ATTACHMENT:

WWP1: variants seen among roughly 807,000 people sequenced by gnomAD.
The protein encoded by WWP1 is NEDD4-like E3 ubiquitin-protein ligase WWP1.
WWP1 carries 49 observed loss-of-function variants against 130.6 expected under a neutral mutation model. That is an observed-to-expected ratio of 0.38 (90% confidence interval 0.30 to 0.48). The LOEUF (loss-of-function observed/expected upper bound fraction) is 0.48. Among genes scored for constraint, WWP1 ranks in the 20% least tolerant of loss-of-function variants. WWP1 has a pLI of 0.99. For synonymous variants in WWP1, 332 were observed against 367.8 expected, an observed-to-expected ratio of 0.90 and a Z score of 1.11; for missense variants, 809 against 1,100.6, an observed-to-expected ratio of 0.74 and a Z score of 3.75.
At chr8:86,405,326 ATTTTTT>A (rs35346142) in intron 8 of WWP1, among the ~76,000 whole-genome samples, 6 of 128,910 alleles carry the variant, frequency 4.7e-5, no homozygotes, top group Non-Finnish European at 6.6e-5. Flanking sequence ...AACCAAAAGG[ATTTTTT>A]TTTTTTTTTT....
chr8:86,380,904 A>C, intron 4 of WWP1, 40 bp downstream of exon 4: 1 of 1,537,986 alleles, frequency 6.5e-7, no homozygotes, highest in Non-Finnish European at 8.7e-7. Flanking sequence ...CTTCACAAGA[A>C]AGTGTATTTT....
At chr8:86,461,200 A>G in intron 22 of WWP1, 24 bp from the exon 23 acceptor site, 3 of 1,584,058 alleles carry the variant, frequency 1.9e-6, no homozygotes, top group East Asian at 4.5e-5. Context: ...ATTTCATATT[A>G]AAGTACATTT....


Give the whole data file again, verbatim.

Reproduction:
WWP1: variants seen among roughly 807,000 people sequenced by gnomAD.
The protein encoded by WWP1 is NEDD4-like E3 ubiquitin-protein ligase WWP1.
WWP1 carries 49 observed loss-of-function variants against 130.6 expected under a neutral mutation model. That is an observed-to-expected ratio of 0.38 (90% confidence interval 0.30 to 0.48). The LOEUF (loss-of-function observed/expected upper bound fraction) is 0.48. Among genes scored for constraint, WWP1 ranks in the 20% least tolerant of loss-of-function variants. WWP1 has a pLI of 0.99. For synonymous variants in WWP1, 332 were observed against 367.8 expected, an observed-to-expected ratio of 0.90 and a Z score of 1.11; for missense variants, 809 against 1,100.6, an observed-to-expected ratio of 0.74 and a Z score of 3.75.
At chr8:86,405,326 ATTTTTT>A (rs35346142) in intron 8 of WWP1, among the ~76,000 whole-genome samples, 6 of 128,910 alleles carry the variant, frequency 4.7e-5, no homozygotes, top group Non-Finnish European at 6.6e-5. Flanking sequence ...AACCAAAAGG[ATTTTTT>A]TTTTTTTTTT....
chr8:86,380,904 A>C, intron 4 of WWP1, 40 bp downstream of exon 4: 1 of 1,537,986 alleles, frequency 6.5e-7, no homozygotes, highest in Non-Finnish European at 8.7e-7. Flanking sequence ...CTTCACAAGA[A>C]AGTGTATTTT....
At chr8:86,461,200 A>G in intron 22 of WWP1, 24 bp from the exon 23 acceptor site, 3 of 1,584,058 alleles carry the variant, frequency 1.9e-6, no homozygotes, top group East Asian at 4.5e-5. Context: ...ATTTCATATT[A>G]AAGTACATTT....